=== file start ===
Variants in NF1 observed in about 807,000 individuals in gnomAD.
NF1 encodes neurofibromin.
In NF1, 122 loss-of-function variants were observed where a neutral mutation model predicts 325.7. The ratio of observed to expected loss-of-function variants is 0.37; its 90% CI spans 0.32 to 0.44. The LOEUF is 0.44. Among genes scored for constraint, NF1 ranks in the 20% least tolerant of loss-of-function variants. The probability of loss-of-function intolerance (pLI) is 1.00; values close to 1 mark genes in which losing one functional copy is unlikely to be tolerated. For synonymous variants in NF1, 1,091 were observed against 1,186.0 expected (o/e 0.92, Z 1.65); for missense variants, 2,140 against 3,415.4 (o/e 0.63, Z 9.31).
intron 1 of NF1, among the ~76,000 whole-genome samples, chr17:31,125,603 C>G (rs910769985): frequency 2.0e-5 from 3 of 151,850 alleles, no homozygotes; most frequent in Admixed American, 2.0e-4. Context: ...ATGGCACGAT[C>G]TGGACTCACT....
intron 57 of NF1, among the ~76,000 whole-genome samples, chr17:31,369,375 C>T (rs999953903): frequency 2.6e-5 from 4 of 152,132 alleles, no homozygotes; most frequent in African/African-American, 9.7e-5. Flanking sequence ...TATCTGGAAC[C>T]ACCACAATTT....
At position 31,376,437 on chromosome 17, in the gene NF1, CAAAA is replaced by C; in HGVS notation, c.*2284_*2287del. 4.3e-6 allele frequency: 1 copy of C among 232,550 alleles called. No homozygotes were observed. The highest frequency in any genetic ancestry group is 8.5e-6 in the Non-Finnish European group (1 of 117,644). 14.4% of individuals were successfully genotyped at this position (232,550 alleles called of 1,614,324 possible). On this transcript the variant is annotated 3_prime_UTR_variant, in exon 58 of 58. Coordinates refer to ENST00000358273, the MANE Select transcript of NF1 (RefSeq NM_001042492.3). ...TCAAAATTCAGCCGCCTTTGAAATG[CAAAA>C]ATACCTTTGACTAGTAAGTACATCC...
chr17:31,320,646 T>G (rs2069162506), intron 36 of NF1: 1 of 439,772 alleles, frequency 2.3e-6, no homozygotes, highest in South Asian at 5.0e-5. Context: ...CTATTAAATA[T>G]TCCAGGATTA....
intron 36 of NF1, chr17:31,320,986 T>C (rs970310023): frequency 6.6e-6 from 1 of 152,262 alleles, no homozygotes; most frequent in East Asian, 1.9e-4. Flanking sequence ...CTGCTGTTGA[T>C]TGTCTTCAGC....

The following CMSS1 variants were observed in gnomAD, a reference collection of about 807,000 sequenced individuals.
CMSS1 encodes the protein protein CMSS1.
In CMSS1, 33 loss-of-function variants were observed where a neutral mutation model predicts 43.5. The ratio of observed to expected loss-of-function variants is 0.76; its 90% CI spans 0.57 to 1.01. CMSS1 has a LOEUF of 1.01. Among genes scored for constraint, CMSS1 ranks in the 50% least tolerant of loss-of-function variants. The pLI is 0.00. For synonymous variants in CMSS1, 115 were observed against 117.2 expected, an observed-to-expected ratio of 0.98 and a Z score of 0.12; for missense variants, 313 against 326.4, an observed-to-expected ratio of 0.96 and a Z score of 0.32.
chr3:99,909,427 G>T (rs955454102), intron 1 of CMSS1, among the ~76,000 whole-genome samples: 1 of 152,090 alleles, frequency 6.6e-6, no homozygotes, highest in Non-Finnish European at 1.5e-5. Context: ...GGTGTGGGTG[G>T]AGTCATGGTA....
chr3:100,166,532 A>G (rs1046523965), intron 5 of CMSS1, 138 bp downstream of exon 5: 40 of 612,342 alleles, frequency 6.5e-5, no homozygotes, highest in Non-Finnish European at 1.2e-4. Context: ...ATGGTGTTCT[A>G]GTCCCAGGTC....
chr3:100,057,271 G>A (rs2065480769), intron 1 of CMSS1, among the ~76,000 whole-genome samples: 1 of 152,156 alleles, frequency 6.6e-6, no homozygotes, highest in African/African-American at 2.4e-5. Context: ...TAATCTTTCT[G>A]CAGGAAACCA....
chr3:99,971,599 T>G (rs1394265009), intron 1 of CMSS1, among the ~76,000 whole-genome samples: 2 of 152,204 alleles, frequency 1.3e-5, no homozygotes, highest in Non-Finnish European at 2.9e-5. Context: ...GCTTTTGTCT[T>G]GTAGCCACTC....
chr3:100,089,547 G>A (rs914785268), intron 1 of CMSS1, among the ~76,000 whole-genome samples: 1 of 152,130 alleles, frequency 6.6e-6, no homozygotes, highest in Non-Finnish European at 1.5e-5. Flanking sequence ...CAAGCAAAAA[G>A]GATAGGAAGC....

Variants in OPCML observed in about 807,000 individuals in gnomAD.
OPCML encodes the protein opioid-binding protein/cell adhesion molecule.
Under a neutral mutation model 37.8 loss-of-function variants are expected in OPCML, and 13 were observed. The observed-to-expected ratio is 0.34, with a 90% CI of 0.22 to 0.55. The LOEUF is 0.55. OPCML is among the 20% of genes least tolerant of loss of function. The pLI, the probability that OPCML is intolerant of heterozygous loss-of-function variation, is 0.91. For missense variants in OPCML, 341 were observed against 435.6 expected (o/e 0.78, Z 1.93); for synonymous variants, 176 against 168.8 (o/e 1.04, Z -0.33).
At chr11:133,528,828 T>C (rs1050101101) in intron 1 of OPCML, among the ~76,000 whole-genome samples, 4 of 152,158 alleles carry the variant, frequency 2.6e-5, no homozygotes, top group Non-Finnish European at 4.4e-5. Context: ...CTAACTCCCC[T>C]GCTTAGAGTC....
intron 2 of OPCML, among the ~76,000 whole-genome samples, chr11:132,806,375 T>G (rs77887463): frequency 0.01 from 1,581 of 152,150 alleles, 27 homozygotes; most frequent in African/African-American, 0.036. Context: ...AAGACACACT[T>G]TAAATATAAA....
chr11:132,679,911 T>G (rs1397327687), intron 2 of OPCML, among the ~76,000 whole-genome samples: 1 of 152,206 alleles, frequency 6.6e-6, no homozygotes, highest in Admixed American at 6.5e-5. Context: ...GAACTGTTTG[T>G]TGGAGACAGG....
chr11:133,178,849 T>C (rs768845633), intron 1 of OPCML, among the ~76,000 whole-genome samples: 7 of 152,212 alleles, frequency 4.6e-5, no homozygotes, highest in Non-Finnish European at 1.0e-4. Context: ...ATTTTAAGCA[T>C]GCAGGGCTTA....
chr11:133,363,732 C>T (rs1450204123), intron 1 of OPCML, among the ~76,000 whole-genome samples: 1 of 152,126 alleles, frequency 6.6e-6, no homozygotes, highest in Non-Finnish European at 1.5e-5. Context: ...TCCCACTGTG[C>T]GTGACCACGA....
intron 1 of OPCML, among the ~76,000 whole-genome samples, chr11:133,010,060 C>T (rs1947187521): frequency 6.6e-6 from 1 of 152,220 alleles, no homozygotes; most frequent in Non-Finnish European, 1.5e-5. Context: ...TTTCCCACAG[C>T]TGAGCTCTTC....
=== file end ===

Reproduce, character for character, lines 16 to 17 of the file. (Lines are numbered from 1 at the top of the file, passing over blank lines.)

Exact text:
chr3:100,089,547 G>A (rs914785268), intron 1 of CMSS1, among the ~76,000 whole-genome samples: 1 of 152,130 alleles, frequency 6.6e-6, no homozygotes, highest in Non-Finnish European at 1.5e-5. Flanking sequence ...CAAGCAAAAA[G>A]GATAGGAAGC....

Variants in OPCML observed in about 807,000 individuals in gnomAD.